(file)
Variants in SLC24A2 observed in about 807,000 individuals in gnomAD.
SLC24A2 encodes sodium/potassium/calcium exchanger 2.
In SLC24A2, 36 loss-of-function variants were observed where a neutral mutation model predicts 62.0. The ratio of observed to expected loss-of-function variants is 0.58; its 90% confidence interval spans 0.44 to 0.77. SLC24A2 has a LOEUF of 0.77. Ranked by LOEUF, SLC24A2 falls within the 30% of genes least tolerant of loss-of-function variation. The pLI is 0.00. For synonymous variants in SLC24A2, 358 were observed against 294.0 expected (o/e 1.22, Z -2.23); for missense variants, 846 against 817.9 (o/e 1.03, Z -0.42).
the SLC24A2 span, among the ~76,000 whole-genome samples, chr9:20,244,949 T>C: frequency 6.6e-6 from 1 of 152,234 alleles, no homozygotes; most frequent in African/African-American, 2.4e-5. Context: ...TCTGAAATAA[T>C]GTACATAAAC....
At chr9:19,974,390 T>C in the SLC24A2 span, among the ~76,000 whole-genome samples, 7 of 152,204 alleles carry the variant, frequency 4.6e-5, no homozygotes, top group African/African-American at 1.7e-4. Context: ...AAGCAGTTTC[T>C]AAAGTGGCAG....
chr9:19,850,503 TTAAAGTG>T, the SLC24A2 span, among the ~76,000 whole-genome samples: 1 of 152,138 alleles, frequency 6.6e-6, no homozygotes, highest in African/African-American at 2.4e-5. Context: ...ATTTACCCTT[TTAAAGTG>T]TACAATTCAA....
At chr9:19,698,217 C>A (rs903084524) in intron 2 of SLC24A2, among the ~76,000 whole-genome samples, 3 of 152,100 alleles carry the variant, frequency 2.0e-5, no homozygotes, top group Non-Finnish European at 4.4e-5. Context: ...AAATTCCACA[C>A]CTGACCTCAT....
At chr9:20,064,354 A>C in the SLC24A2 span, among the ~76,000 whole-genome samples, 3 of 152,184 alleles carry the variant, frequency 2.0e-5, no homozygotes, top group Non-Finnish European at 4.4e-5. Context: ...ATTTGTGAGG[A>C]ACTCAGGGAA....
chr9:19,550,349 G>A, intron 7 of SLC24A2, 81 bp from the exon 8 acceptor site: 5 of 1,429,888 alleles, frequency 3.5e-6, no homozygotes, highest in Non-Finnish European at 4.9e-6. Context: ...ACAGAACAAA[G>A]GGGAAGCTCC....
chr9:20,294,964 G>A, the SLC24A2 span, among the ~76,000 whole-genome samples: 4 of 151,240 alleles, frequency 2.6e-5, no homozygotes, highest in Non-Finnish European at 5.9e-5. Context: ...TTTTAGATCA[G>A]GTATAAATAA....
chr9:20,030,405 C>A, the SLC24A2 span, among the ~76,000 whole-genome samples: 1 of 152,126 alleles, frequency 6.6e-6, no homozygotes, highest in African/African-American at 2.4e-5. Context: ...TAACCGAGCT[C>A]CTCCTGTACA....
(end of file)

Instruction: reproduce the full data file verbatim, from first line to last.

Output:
Variants in SLC24A2 observed in about 807,000 individuals in gnomAD.
SLC24A2 encodes sodium/potassium/calcium exchanger 2.
In SLC24A2, 36 loss-of-function variants were observed where a neutral mutation model predicts 62.0. The ratio of observed to expected loss-of-function variants is 0.58; its 90% confidence interval spans 0.44 to 0.77. SLC24A2 has a LOEUF of 0.77. Ranked by LOEUF, SLC24A2 falls within the 30% of genes least tolerant of loss-of-function variation. The pLI is 0.00. For synonymous variants in SLC24A2, 358 were observed against 294.0 expected (o/e 1.22, Z -2.23); for missense variants, 846 against 817.9 (o/e 1.03, Z -0.42).
the SLC24A2 span, among the ~76,000 whole-genome samples, chr9:20,244,949 T>C: frequency 6.6e-6 from 1 of 152,234 alleles, no homozygotes; most frequent in African/African-American, 2.4e-5. Context: ...TCTGAAATAA[T>C]GTACATAAAC....
At chr9:19,974,390 T>C in the SLC24A2 span, among the ~76,000 whole-genome samples, 7 of 152,204 alleles carry the variant, frequency 4.6e-5, no homozygotes, top group African/African-American at 1.7e-4. Context: ...AAGCAGTTTC[T>C]AAAGTGGCAG....
chr9:19,850,503 TTAAAGTG>T, the SLC24A2 span, among the ~76,000 whole-genome samples: 1 of 152,138 alleles, frequency 6.6e-6, no homozygotes, highest in African/African-American at 2.4e-5. Context: ...ATTTACCCTT[TTAAAGTG>T]TACAATTCAA....
At chr9:19,698,217 C>A (rs903084524) in intron 2 of SLC24A2, among the ~76,000 whole-genome samples, 3 of 152,100 alleles carry the variant, frequency 2.0e-5, no homozygotes, top group Non-Finnish European at 4.4e-5. Context: ...AAATTCCACA[C>A]CTGACCTCAT....
At chr9:20,064,354 A>C in the SLC24A2 span, among the ~76,000 whole-genome samples, 3 of 152,184 alleles carry the variant, frequency 2.0e-5, no homozygotes, top group Non-Finnish European at 4.4e-5. Context: ...ATTTGTGAGG[A>C]ACTCAGGGAA....
chr9:19,550,349 G>A, intron 7 of SLC24A2, 81 bp from the exon 8 acceptor site: 5 of 1,429,888 alleles, frequency 3.5e-6, no homozygotes, highest in Non-Finnish European at 4.9e-6. Context: ...ACAGAACAAA[G>A]GGGAAGCTCC....
chr9:20,294,964 G>A, the SLC24A2 span, among the ~76,000 whole-genome samples: 4 of 151,240 alleles, frequency 2.6e-5, no homozygotes, highest in Non-Finnish European at 5.9e-5. Context: ...TTTTAGATCA[G>A]GTATAAATAA....
chr9:20,030,405 C>A, the SLC24A2 span, among the ~76,000 whole-genome samples: 1 of 152,126 alleles, frequency 6.6e-6, no homozygotes, highest in African/African-American at 2.4e-5. Context: ...TAACCGAGCT[C>A]CTCCTGTACA....